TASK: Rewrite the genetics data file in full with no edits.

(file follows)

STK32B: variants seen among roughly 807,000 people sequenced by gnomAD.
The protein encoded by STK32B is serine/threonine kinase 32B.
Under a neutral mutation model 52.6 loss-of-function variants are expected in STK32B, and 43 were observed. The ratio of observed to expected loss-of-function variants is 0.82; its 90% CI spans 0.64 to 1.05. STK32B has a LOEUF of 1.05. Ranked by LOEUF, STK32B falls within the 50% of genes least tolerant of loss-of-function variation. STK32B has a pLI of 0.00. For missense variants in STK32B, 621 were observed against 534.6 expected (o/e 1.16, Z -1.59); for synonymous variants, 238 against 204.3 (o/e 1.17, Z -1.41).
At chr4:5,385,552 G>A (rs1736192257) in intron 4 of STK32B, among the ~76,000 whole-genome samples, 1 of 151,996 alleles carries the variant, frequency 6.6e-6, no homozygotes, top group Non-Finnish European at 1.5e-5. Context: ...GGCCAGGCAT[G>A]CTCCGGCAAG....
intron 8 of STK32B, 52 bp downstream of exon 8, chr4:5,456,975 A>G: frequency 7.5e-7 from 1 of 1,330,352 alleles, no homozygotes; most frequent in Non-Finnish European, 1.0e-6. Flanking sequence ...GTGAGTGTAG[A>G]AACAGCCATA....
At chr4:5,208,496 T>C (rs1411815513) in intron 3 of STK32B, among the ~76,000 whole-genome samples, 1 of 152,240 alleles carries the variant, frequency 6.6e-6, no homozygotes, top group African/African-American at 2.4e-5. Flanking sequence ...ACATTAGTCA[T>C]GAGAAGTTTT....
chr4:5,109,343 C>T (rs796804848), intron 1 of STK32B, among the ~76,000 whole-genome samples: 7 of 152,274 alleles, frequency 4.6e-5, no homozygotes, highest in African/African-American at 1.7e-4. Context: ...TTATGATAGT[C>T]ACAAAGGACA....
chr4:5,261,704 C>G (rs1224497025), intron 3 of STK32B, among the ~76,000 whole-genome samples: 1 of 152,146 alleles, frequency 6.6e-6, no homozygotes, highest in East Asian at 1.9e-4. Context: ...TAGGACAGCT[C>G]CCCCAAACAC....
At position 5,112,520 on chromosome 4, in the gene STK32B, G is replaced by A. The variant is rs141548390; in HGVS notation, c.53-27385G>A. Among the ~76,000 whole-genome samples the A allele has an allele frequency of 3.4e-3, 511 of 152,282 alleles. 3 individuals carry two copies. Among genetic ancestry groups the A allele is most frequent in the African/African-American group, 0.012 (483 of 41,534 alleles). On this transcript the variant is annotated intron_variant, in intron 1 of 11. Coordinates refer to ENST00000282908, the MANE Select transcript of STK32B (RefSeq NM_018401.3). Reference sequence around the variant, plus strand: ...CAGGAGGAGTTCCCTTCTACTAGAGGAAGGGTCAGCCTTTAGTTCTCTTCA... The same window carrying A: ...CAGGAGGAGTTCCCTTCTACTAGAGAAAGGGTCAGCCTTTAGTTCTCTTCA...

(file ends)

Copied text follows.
STK32B: variants seen among roughly 807,000 people sequenced by gnomAD.
The protein encoded by STK32B is serine/threonine kinase 32B.
Under a neutral mutation model 52.6 loss-of-function variants are expected in STK32B, and 43 were observed. The ratio of observed to expected loss-of-function variants is 0.82; its 90% CI spans 0.64 to 1.05. STK32B has a LOEUF of 1.05. Ranked by LOEUF, STK32B falls within the 50% of genes least tolerant of loss-of-function variation. STK32B has a pLI of 0.00. For missense variants in STK32B, 621 were observed against 534.6 expected (o/e 1.16, Z -1.59); for synonymous variants, 238 against 204.3 (o/e 1.17, Z -1.41).
At chr4:5,385,552 G>A (rs1736192257) in intron 4 of STK32B, among the ~76,000 whole-genome samples, 1 of 151,996 alleles carries the variant, frequency 6.6e-6, no homozygotes, top group Non-Finnish European at 1.5e-5. Context: ...GGCCAGGCAT[G>A]CTCCGGCAAG....
intron 8 of STK32B, 52 bp downstream of exon 8, chr4:5,456,975 A>G: frequency 7.5e-7 from 1 of 1,330,352 alleles, no homozygotes; most frequent in Non-Finnish European, 1.0e-6. Flanking sequence ...GTGAGTGTAG[A>G]AACAGCCATA....
At chr4:5,208,496 T>C (rs1411815513) in intron 3 of STK32B, among the ~76,000 whole-genome samples, 1 of 152,240 alleles carries the variant, frequency 6.6e-6, no homozygotes, top group African/African-American at 2.4e-5. Flanking sequence ...ACATTAGTCA[T>C]GAGAAGTTTT....
chr4:5,109,343 C>T (rs796804848), intron 1 of STK32B, among the ~76,000 whole-genome samples: 7 of 152,274 alleles, frequency 4.6e-5, no homozygotes, highest in African/African-American at 1.7e-4. Context: ...TTATGATAGT[C>T]ACAAAGGACA....
chr4:5,261,704 C>G (rs1224497025), intron 3 of STK32B, among the ~76,000 whole-genome samples: 1 of 152,146 alleles, frequency 6.6e-6, no homozygotes, highest in East Asian at 1.9e-4. Context: ...TAGGACAGCT[C>G]CCCCAAACAC....
At position 5,112,520 on chromosome 4, in the gene STK32B, G is replaced by A. The variant is rs141548390; in HGVS notation, c.53-27385G>A. Among the ~76,000 whole-genome samples the A allele has an allele frequency of 3.4e-3, 511 of 152,282 alleles. 3 individuals carry two copies. Among genetic ancestry groups the A allele is most frequent in the African/African-American group, 0.012 (483 of 41,534 alleles). On this transcript the variant is annotated intron_variant, in intron 1 of 11. Coordinates refer to ENST00000282908, the MANE Select transcript of STK32B (RefSeq NM_018401.3). Reference sequence around the variant, plus strand: ...CAGGAGGAGTTCCCTTCTACTAGAGGAAGGGTCAGCCTTTAGTTCTCTTCA... The same window carrying A: ...CAGGAGGAGTTCCCTTCTACTAGAGAAAGGGTCAGCCTTTAGTTCTCTTCA...